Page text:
8. 0:26:33 — Position Music The Looking Glass
9. 0:29:15 — Gothic Storm Music Bound To Eternity
10. 0:31:39 — Iliya Zaki Resolution (Extended)
11. 0:35:19 — Iliya Zaki Fire, Save Us
12. 0:42:45 — Peter Roe Child and the Guardian Angel
13. 0:46:35 — Revolt Production Music Lost In You
14. 0:49:32 — Position Music Swept Away (GRV Extended Mix)
15. 0:54:53 — Gothic Storm Music Downfall (GRV Extended Mix)
16. 0:58:21 — Sky Mubs X Alston \u0026 Ozone Lost in the Universe
17. 1:02:08 — Colossal Trailer Music The Awakening (Extended)
18. 1:06:09 — Trevor DeMaere Alone in Time
19. 1:09:20 — Revolt Production Music Haven
20. 1:13:32 — Revolt Production Music Trust In You
21. 1:16:03 — Dream Factory Music Into Deep
22. 1:18:53 — Philipp Weigl Like Starlight Through A Veil
23. 1:22:09 — Philipp Weigl Not the Streets you used to walk along
24. 1:25:15 — Position Music Discovered Secrets (Extended)
25. 1:28:02 — Revolt Production Music Awaken (GRV Extended Mix)
26. 1:31:55 — Revolt Production Music Whispers of the Universe (Extended)
27. 1:36:16 — Gothic Storm Music Stargazer (Reprise)
28. 1:38:26 — Gothic Storm Music Earthrise (GRV Extended Mix)
29. 1:43:09 — Gothic Storm Music Look To The Stars
30. 1:46:05 — Revolt Production Music Strive (Extended)
31. 1:49:05 — Revolt Production Music The Journey (Extended)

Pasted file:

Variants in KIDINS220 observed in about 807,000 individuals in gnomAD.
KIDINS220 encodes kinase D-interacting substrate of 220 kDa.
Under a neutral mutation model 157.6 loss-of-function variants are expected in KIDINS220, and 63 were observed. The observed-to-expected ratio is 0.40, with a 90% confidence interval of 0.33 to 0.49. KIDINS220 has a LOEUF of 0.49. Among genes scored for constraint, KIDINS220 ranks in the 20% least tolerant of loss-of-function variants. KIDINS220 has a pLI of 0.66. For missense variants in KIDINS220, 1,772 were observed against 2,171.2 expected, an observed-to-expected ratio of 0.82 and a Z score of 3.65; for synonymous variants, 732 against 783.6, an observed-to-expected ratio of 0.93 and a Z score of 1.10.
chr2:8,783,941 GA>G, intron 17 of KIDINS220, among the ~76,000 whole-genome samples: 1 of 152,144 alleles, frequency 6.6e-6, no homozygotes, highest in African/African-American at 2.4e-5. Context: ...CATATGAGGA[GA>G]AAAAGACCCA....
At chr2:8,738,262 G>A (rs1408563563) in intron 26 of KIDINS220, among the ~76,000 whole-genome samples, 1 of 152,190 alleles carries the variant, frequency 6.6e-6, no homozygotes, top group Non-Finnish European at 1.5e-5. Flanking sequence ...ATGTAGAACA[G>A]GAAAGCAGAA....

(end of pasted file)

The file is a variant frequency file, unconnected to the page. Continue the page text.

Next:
32. 1:51:38 — Peter Roe Aether
33. 1:55:40 — Colossal Trailer Music Heaven (GRV Extended Mix)
/ COMPOSERS | MUSIC GROUPS
• Gothic Storm Music
Facebook: www.facebook.com/gothicstormmusic
Look to the Stars: https://itunes.apple.com/us/album/looktothestars/id1037596341
Rebirth:
https://itunes.apple.com/us/album/rebirthmajesticemotionalstrings1/id1110401860
https://itunes.apple.com/us/album/rebirthmajesticemotionalstrings2/id1111809259
Chris Haigh on YouTube: https://www.youtube.com/channel/UC_3zMd9ljJPQGMq819Ng3Q
• Trevor DeMaere
Bandcamp: https://btrevordemaeremusic.bandcamp.com
YouTube: http://tinyurl.com/h39mbxd
SoundCloud: http://tinyurl.com/hh9lulo
Facebook: http://tinyurl.com/hbwqsyo
iTunes: http://tinyurl.com/ju8mv7m
License Requests: tdemaere@gmail.com
• Nick Tzios
Facebook: http://www.facebook.com/nicktzios
SoundCloud: http://www.soundcloud.com/nicktzios
Licensing inquiries: nicktzios@hotmail.com
• Revolt Production Music
Facebook: https://www.facebook.com/revoltproductionmusic/
iTunes: https://itunes.apple.com/us/artist/revoltproductionmusic/id1067203391
SoundCloud: https://soundcloud.com/revoltproductionmusic
• Position Music
Facebook: http://smarturl.it/PositionFB
Buy James Dooley’s album UNTOLD on iTunes: https://itunes.apple.com/us/album/untold/id562224847
Amazon: https://www.amazon.com/PositionMusicOrchestralVol10Untold/dp/B00BDW1YFO
YouTube: http://smarturl.it/PositionYT
Website: http://positionmusic.com/
Licensing inquiries: http://smarturl.it/PM_License
• Iliya Zaki
iTunes: https://itunes.apple.com/sg/artist/iliyazaki/id780186160
CDBaby: https://www.cdbaby.com/Artist/IliyaZaki1
Spotify: https://open.spotify.com/artist/7rGHURf1Mz9X7mWX5pRcmw
Bandcamp: https://iliyazaki.bandcamp.com/